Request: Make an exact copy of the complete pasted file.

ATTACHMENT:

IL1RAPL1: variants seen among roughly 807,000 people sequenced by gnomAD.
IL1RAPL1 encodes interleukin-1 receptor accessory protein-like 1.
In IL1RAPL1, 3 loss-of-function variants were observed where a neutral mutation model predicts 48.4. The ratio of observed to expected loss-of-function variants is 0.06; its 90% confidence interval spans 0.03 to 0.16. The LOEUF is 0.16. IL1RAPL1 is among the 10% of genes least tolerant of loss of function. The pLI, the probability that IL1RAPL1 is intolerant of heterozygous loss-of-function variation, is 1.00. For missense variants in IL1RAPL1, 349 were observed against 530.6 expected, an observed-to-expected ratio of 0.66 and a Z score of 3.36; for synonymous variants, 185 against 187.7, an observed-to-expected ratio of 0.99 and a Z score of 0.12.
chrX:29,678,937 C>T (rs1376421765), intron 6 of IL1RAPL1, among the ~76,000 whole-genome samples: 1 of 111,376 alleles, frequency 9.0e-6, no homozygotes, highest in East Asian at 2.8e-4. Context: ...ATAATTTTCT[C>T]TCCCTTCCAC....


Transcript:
IL1RAPL1: variants seen among roughly 807,000 people sequenced by gnomAD.
IL1RAPL1 encodes interleukin-1 receptor accessory protein-like 1.
In IL1RAPL1, 3 loss-of-function variants were observed where a neutral mutation model predicts 48.4. The ratio of observed to expected loss-of-function variants is 0.06; its 90% confidence interval spans 0.03 to 0.16. The LOEUF is 0.16. IL1RAPL1 is among the 10% of genes least tolerant of loss of function. The pLI, the probability that IL1RAPL1 is intolerant of heterozygous loss-of-function variation, is 1.00. For missense variants in IL1RAPL1, 349 were observed against 530.6 expected, an observed-to-expected ratio of 0.66 and a Z score of 3.36; for synonymous variants, 185 against 187.7, an observed-to-expected ratio of 0.99 and a Z score of 0.12.
chrX:29,678,937 C>T (rs1376421765), intron 6 of IL1RAPL1, among the ~76,000 whole-genome samples: 1 of 111,376 alleles, frequency 9.0e-6, no homozygotes, highest in East Asian at 2.8e-4. Context: ...ATAATTTTCT[C>T]TCCCTTCCAC....